More Internet of Things for Landlords

9 Replies

I'm still tracking to forecast how the IoT will benefit landlords.

Some newer thinking suggests a world of interconnected sensors will transition us away from viewing of our rentals as products and more towards housing services.

More as housing "outcomes".

How would Outcomes as a Service (OaaS) type thinking affect the long- and short-term rental business?

Please help me think this through.

We have always favored the service approach. We are certainly providing housing services and this certainly is a business centered around people and their needs. We see it as a privilege and a blessing to be be able to do so.

My former employer, a major medical center/hospital, had a mission statement that really hits home. "To enhance the health and well-being of the people we serve." Think about what we are striving to provide.... product and/or service. Our residential rental property business mission statement is "We strive to provide safe, clean, affordable, comfortable and quiet housing for responsible renters in the neighborhoods of West Vancouver." It is not only about the tenants, but also about the greater community. 

In our current rental environment, there is a severe housing shortage for low-income and fixed income folks. Times are getting tough for the middle class too. Their ability, or inability, to meet their basic need for housing impacts the greater community. Our lives are interconnected. Strive for the greater good in work and life. The outcomes will follow suit.

@Al Williamson

I would have thought you an @Marcia Maynard would be tired of my blabbering about how we are not landlords, but an accommodation services provider.  I might even be so bold as state we are transitioning - at least with our student rentals - towards a lifestyle services provider.

One internal trend we were discussing just yesterday is that we now {partially} furnish approximately 50% of our student rentals.  In a few instances, we have even ventured into "built-in" furniture - mostly in rooms into which it is difficult to move furniture (lofts, basements, rooms with odd shapes/dimensions).   Students frequently bring their own mattresses, but no bed, dresser or desk.  The tenants and their parents seem to like the approach and, for us, it means less wear and tear on the property.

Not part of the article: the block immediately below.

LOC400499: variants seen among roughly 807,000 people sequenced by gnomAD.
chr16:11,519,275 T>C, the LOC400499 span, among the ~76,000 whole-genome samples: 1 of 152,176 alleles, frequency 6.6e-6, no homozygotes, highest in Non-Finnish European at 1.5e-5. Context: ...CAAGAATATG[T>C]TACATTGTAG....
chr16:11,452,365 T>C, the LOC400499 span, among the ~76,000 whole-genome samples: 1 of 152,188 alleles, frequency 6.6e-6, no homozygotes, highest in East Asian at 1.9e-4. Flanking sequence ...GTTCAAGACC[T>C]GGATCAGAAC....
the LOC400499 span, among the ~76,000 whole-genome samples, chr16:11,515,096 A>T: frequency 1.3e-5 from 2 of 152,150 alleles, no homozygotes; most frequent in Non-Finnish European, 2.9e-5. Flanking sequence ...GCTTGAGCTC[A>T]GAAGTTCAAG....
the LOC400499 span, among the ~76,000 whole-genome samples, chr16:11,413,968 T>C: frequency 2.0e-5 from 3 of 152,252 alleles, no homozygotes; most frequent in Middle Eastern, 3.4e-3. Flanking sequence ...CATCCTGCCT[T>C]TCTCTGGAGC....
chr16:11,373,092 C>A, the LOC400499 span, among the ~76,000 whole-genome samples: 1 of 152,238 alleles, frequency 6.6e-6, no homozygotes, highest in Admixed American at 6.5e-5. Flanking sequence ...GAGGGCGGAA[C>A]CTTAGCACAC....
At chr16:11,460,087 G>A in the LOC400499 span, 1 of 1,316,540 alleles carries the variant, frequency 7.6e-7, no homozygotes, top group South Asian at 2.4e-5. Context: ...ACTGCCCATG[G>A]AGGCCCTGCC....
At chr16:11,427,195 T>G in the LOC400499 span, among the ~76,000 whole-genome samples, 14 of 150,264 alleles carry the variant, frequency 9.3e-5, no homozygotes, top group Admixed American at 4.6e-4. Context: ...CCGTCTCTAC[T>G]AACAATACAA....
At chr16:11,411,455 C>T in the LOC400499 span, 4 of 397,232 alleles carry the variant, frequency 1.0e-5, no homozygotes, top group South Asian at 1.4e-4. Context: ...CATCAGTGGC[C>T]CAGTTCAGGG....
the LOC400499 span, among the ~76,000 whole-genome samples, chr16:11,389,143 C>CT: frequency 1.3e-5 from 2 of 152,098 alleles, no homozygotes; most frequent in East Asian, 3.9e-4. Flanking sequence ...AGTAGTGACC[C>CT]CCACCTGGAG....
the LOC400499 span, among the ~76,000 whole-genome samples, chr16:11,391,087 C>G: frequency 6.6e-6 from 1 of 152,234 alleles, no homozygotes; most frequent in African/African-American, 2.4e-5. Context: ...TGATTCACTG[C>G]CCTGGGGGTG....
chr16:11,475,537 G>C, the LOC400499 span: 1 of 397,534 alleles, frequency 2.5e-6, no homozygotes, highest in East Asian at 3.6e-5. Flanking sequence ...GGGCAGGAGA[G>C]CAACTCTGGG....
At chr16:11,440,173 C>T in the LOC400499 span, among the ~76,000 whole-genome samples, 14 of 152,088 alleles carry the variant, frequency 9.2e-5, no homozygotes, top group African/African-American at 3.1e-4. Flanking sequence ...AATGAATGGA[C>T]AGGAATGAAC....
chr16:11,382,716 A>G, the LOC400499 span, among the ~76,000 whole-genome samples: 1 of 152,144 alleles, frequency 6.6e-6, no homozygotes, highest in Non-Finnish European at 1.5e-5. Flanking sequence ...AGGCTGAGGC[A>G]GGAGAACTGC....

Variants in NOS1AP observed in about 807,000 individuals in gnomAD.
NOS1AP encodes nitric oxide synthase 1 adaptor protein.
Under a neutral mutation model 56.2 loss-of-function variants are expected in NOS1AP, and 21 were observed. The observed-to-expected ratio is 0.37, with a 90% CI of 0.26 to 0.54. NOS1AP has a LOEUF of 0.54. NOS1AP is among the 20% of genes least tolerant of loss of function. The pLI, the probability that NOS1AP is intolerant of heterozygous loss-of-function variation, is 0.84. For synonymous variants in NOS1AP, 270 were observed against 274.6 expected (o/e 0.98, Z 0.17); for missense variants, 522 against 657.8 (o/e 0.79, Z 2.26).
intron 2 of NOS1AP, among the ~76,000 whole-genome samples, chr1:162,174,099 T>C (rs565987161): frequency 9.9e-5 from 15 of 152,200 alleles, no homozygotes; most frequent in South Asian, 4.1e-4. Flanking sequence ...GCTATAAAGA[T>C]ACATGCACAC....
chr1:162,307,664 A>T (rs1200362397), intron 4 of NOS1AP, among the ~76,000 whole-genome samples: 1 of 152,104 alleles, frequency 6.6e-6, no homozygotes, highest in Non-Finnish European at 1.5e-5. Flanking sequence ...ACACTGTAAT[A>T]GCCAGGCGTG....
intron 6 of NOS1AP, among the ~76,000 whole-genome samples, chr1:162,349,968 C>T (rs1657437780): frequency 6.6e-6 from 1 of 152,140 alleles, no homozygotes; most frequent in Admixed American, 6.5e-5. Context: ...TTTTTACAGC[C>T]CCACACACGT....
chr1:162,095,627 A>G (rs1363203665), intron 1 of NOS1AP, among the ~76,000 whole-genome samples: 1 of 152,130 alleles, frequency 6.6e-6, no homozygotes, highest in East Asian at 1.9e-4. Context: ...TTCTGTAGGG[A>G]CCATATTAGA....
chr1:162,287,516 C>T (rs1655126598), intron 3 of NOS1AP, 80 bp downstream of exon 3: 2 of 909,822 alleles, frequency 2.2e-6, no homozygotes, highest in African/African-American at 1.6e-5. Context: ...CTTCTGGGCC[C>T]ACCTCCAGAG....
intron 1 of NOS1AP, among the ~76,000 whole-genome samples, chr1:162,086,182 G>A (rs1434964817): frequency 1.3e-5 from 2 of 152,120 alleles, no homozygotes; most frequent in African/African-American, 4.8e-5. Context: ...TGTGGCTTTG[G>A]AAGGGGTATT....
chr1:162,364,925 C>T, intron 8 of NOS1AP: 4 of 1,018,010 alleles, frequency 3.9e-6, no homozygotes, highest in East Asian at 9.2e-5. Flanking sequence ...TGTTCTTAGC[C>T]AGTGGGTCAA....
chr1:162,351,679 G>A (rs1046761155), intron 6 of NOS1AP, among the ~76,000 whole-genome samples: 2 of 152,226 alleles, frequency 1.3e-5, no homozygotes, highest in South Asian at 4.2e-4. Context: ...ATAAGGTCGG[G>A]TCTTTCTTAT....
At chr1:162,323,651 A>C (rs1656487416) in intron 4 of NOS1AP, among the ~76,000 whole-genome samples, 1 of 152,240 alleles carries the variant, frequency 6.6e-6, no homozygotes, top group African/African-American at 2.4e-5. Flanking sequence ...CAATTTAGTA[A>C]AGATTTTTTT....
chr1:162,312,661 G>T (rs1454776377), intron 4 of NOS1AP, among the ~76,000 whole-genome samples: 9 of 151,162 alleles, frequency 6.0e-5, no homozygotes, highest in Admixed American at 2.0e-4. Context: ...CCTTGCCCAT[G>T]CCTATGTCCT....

On the Internet of Things (IoT) front, our building monitoring and management system is built on this strategy.  Presently we have lots of sensors (moisture, motion, light, sound, etc) that can be used to provide input to control the HVAC system, lights, appliances, alert us when there is water in catch pan under the laundry or water heater, etc.  We also have the ability to (un)lock doors remotely or using an App.

We are continuously adding new functionality.  At the moment, I'm working to solve an issue around the manual override of the HVAC programme at one of our houses.  If a tenant comes home at a time when they are usually away (i.e. a class was cancelled or skipped) and overrides the programme in the thermostat to raise the temperature in the unit, they frequently choose the permanent hold of the override (because it requires less input then selecting a duration for the override) and, subsequently leave the house.  I'm testing a modification which will cancel the override if the system has determined no one is left in the unit.